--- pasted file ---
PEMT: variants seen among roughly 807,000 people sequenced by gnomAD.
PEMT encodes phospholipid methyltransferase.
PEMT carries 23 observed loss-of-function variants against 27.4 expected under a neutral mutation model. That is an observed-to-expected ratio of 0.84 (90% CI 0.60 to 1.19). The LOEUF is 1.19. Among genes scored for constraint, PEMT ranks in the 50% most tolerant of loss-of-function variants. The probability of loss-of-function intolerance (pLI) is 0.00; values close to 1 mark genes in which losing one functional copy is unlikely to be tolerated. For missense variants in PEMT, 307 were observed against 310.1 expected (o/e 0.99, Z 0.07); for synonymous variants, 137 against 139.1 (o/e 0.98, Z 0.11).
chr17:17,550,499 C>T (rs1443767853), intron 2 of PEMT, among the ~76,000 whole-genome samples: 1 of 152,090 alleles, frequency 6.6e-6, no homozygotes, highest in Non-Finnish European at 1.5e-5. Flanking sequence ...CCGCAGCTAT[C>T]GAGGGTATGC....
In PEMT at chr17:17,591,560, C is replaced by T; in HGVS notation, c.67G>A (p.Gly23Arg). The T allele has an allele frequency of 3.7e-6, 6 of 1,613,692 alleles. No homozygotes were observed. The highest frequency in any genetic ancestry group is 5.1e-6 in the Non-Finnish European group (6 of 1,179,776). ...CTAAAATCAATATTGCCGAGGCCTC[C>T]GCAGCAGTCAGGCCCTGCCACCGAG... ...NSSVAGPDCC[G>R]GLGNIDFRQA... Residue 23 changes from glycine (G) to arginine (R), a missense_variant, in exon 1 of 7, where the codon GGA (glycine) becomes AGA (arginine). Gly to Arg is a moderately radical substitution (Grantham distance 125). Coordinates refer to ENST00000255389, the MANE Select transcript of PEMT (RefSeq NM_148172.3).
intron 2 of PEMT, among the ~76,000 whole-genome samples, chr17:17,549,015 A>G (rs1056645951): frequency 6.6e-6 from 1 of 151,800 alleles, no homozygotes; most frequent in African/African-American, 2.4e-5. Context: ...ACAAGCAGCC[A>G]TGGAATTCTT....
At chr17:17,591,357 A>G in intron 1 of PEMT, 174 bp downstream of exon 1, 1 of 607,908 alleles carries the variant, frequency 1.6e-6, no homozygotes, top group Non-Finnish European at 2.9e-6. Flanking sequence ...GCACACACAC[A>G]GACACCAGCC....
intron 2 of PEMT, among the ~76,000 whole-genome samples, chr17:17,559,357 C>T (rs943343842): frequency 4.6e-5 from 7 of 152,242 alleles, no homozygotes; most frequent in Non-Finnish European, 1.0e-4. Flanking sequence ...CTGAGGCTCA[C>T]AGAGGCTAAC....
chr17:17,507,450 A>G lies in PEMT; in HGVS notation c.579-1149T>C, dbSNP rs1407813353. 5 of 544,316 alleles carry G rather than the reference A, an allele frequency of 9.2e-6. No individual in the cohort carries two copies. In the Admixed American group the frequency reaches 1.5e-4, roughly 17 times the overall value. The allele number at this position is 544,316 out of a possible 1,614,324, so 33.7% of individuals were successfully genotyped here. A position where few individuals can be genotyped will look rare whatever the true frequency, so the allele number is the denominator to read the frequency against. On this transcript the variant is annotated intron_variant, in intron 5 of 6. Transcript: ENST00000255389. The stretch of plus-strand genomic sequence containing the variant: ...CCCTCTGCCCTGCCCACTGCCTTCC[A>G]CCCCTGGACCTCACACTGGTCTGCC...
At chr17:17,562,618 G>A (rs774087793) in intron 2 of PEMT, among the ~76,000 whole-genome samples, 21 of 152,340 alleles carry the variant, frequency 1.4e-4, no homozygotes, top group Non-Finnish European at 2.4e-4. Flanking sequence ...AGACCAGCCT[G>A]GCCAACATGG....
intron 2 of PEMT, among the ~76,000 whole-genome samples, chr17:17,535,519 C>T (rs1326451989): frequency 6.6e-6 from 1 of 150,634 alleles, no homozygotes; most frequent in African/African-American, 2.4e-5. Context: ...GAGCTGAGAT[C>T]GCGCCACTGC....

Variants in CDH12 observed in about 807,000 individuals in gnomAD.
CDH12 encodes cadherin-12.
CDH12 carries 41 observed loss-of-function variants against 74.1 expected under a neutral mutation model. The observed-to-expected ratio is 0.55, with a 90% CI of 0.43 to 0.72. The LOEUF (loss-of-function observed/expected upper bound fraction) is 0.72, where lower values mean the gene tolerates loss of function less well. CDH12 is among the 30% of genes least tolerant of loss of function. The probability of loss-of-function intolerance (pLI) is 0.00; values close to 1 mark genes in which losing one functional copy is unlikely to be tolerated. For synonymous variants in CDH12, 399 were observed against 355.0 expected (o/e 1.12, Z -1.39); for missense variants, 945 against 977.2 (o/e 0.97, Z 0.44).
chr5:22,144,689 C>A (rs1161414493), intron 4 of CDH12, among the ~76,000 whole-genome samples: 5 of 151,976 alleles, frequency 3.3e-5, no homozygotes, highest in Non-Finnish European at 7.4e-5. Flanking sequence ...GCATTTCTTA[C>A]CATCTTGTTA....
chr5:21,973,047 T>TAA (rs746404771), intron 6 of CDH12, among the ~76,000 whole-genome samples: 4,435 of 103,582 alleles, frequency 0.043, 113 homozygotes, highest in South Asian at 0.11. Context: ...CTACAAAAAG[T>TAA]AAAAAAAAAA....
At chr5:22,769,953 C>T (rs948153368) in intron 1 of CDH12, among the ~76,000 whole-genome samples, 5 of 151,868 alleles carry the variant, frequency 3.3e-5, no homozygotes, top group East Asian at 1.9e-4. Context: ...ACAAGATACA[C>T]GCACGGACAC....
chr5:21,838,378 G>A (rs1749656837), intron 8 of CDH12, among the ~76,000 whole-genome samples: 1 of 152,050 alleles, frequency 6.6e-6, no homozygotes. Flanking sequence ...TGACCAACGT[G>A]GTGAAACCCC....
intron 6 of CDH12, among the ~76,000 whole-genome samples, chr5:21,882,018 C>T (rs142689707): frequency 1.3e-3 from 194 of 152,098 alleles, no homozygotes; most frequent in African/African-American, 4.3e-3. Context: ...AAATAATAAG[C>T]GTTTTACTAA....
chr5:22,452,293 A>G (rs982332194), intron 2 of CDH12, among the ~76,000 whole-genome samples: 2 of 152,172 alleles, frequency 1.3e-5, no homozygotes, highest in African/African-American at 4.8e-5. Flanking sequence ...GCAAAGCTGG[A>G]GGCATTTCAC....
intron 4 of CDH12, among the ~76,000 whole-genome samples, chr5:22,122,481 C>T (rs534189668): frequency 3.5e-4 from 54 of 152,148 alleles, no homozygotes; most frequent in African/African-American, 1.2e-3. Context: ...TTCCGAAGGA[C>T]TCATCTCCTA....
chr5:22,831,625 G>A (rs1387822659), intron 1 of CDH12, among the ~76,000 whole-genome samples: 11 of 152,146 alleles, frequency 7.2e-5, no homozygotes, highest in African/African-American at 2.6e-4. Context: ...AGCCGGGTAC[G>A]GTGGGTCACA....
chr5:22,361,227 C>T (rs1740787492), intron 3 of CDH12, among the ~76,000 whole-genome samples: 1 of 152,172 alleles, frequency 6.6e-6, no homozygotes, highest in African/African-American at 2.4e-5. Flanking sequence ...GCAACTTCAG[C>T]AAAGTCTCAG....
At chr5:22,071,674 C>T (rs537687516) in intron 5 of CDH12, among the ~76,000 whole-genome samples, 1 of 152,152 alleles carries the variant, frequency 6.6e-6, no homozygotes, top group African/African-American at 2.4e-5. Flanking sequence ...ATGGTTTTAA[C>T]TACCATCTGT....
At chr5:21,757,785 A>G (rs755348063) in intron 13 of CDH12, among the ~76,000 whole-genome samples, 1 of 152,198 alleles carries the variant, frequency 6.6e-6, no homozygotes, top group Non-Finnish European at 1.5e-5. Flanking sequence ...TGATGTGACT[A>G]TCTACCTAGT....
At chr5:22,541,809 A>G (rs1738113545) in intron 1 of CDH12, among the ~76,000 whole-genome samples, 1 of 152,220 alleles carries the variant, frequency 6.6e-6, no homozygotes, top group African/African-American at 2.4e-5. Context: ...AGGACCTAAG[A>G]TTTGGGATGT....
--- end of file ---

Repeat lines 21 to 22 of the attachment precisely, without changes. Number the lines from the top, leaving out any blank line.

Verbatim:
intron 4 of CDH12, among the ~76,000 whole-genome samples, chr5:22,122,481 C>T (rs534189668): frequency 3.5e-4 from 54 of 152,148 alleles, no homozygotes; most frequent in African/African-American, 1.2e-3. Context: ...TTCCGAAGGA[C>T]TCATCTCCTA....
chr5:22,831,625 G>A (rs1387822659), intron 1 of CDH12, among the ~76,000 whole-genome samples: 11 of 152,146 alleles, frequency 7.2e-5, no homozygotes, highest in African/African-American at 2.6e-4. Context: ...AGCCGGGTAC[G>A]GTGGGTCACA....